In 2006, I started working on my dissertation, a process that led me on a beautiful journey.
The journey began with a visit to Fisk University in Nashville, Tenn., the home of Charles Spurgeon Johnson’s presidential papers. I was interested in Johnson because he was one of the first African-American presidents of a historically Black institution and he worked extensively with White philanthropists. I wanted to understand how African-American leaders in the South navigated the murky waters of White philanthropy.
Over the course of writing my dissertation, I visited Fisk nearly ten times, staying about a week for each visit. During my visits, I became acquainted with a lovely man ― Leslie M. “Doc” Collins, an English professor at the historic Nashville institution. Collins began teaching at Fisk in 1945 and was a wealth of knowledge about Fisk’s history. I was honored to interview him for my dissertation; he was one of a few people who worked with Charles S. Johnson and could detail Johnson’s leadership style.
What I liked most about Collins was that he didn’t mince words or pussyfoot around tough topics. He was forthright in his praise and criticism of Johnson and helped me to craft a nuanced and rich biography of the president. Professor Collins passed away on Sunday, February 23, 2014 at 99 years of age and left a beautiful legacy in all of the students that he taught and mentored.
Just five days later, another Fisk icon passed away.
Lee Lorch, who taught math at Fisk, died at 98 years old on February 28, 2014. Lorch was not your average professor. He was an activist for civil rights and civil liberties and for equity in society; he was instrumental in forcing the desegregation of Stuyvesant Town, a housing development in New York City.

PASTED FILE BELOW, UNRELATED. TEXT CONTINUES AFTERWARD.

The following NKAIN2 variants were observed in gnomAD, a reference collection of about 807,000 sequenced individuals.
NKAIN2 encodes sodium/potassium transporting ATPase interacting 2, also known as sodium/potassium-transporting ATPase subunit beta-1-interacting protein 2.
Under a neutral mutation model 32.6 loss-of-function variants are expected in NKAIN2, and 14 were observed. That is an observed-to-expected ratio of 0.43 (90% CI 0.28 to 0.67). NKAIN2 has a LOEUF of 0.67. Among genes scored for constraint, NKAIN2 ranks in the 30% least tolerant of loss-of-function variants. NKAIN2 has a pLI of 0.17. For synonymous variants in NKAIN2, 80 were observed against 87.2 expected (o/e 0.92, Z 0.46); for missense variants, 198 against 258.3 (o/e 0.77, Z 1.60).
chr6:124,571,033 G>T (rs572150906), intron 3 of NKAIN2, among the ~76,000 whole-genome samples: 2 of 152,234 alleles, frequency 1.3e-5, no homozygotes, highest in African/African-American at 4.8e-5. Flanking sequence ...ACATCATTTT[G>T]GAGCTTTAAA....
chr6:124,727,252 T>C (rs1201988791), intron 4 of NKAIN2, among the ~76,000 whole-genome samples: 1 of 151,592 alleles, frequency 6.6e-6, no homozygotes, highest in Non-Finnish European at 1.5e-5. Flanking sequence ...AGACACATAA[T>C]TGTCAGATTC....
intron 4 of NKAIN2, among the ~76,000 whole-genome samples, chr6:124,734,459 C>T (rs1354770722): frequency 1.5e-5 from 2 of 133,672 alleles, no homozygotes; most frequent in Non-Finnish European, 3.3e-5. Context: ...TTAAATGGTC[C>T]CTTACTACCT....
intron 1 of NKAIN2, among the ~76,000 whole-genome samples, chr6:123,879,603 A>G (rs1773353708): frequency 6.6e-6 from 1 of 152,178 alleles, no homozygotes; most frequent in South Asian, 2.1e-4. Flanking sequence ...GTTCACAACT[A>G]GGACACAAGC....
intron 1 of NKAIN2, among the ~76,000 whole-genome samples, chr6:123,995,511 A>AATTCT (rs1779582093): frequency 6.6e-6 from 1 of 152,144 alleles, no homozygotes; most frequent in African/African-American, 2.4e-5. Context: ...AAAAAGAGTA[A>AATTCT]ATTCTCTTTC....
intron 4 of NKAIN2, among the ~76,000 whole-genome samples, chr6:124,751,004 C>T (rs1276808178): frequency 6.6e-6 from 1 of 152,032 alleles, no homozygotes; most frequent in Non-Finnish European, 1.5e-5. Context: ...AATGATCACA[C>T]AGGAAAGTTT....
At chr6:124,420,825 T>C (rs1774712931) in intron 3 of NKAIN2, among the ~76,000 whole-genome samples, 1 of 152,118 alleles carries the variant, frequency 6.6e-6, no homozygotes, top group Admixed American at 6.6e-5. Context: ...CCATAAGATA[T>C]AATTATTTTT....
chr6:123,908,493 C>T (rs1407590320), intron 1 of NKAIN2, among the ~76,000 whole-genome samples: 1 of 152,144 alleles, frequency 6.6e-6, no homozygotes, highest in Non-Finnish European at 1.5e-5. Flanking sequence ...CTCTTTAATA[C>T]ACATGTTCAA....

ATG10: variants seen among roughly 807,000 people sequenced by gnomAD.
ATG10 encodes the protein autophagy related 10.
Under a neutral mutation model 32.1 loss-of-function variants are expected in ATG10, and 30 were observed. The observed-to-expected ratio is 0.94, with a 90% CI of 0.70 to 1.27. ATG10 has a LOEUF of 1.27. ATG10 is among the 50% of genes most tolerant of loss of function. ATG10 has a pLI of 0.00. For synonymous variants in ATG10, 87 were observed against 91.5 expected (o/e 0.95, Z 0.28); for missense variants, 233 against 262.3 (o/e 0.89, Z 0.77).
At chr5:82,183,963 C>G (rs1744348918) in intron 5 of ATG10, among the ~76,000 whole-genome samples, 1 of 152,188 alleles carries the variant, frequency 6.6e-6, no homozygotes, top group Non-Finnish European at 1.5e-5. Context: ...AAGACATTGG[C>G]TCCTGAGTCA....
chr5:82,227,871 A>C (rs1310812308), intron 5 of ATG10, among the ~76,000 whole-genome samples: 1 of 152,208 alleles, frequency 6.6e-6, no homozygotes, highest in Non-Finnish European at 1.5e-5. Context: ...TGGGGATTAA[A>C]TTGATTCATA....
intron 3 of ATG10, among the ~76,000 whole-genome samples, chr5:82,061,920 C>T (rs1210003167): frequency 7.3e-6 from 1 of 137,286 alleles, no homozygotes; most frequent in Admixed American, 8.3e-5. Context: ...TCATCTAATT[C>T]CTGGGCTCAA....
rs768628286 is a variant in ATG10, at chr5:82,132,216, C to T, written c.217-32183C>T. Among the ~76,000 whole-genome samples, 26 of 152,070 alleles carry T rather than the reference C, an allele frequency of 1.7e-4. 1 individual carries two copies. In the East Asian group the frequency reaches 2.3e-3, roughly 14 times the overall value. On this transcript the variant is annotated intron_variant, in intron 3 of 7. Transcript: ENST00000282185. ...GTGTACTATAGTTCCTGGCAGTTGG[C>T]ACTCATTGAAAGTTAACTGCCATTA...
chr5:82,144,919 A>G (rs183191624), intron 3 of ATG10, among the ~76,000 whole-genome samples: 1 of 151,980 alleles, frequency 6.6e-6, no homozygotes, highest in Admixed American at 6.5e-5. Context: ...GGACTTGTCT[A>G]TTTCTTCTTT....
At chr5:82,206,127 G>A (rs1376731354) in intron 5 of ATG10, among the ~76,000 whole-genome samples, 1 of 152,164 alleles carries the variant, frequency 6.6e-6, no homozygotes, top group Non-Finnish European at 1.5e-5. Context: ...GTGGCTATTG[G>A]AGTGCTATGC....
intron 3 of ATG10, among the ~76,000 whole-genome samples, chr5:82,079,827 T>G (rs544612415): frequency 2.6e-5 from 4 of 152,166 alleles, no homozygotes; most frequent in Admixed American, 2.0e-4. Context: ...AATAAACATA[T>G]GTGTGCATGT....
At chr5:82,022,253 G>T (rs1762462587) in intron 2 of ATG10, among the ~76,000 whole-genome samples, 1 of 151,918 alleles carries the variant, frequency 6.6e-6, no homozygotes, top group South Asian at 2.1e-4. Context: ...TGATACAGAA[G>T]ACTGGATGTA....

Charles S. Johnson hired Lorch in 1950 to teach math at Fisk when no one else would take a risk on Lorch. The math professor was an inspiration to students and single-handedly mentored and prepared more African-American mathematicians than any of his contemporaries in the U.S.
In addition to teaching, he continued his fight for justice while in the Nashville area. Lorch and his wife Grace, who was also an activist, enrolled their White daughter in a local Black public school to test the recent Brown v. Board of Education. The powers that be in Nashville were not happy with the Lorch’s actions and soon Lorch was accused of being a Communist and brought before the House Un-American Activities Committee.
Rather than support him, President Charles Johnson chose to protect Fisk University (and its deep ties to White philanthropists) rather than Lorch. One could say Johnson had little choice as a Black leader in the segregated South. Johnson fired Lorch in 1955 and Lorch never forgave him, though he understood the Black sociologist’s pressures.
Eventually Lorch found another faculty position at Philander Smith College in Little Rock, Ark. As with Professor Collins, I had the opportunity to interview Lee Lorch several times about his role at Fisk and his relationship with Charles Johnson. Even in his later years, Lorch was fiery and spirited; his activist soul continued fighting for justice.
Leslie M. Collins and Lee Lorch left us with tremendous legacies and life lessons. These were individuals who lived for much more than themselves and their own well being. Whether it be to further knowledge on the Harlem Renaissance or to demonstrate how one moves the needle toward justice, these two men are role models and examples for all of us.
I am proud to have met them both, engaged them and learned from their large lives. I am honored to include their stories in my teaching and research in order to make sure that the next generation of students can live by their valiant examples. Both of these individuals are the impetus for my asking students in my History of American Higher Education course “What do you live for beyond yourself?” and “For what cause would you be willing to give up your comfort?
Answering these questions and actualizing the answers makes all of us better human beings.